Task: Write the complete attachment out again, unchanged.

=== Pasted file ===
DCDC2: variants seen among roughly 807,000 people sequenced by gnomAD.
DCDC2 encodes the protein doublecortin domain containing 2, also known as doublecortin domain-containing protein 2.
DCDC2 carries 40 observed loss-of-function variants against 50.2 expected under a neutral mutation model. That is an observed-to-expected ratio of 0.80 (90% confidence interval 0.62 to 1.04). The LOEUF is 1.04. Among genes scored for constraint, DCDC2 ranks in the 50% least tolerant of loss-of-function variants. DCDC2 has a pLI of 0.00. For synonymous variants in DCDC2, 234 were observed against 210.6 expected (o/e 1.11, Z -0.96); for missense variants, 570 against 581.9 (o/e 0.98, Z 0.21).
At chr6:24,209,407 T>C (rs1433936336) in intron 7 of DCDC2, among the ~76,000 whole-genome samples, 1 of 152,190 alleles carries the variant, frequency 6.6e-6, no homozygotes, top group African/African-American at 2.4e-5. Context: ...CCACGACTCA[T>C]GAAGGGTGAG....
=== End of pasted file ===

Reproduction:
DCDC2: variants seen among roughly 807,000 people sequenced by gnomAD.
DCDC2 encodes the protein doublecortin domain containing 2, also known as doublecortin domain-containing protein 2.
DCDC2 carries 40 observed loss-of-function variants against 50.2 expected under a neutral mutation model. That is an observed-to-expected ratio of 0.80 (90% confidence interval 0.62 to 1.04). The LOEUF is 1.04. Among genes scored for constraint, DCDC2 ranks in the 50% least tolerant of loss-of-function variants. DCDC2 has a pLI of 0.00. For synonymous variants in DCDC2, 234 were observed against 210.6 expected (o/e 1.11, Z -0.96); for missense variants, 570 against 581.9 (o/e 0.98, Z 0.21).
At chr6:24,209,407 T>C (rs1433936336) in intron 7 of DCDC2, among the ~76,000 whole-genome samples, 1 of 152,190 alleles carries the variant, frequency 6.6e-6, no homozygotes, top group African/African-American at 2.4e-5. Context: ...CCACGACTCA[T>C]GAAGGGTGAG....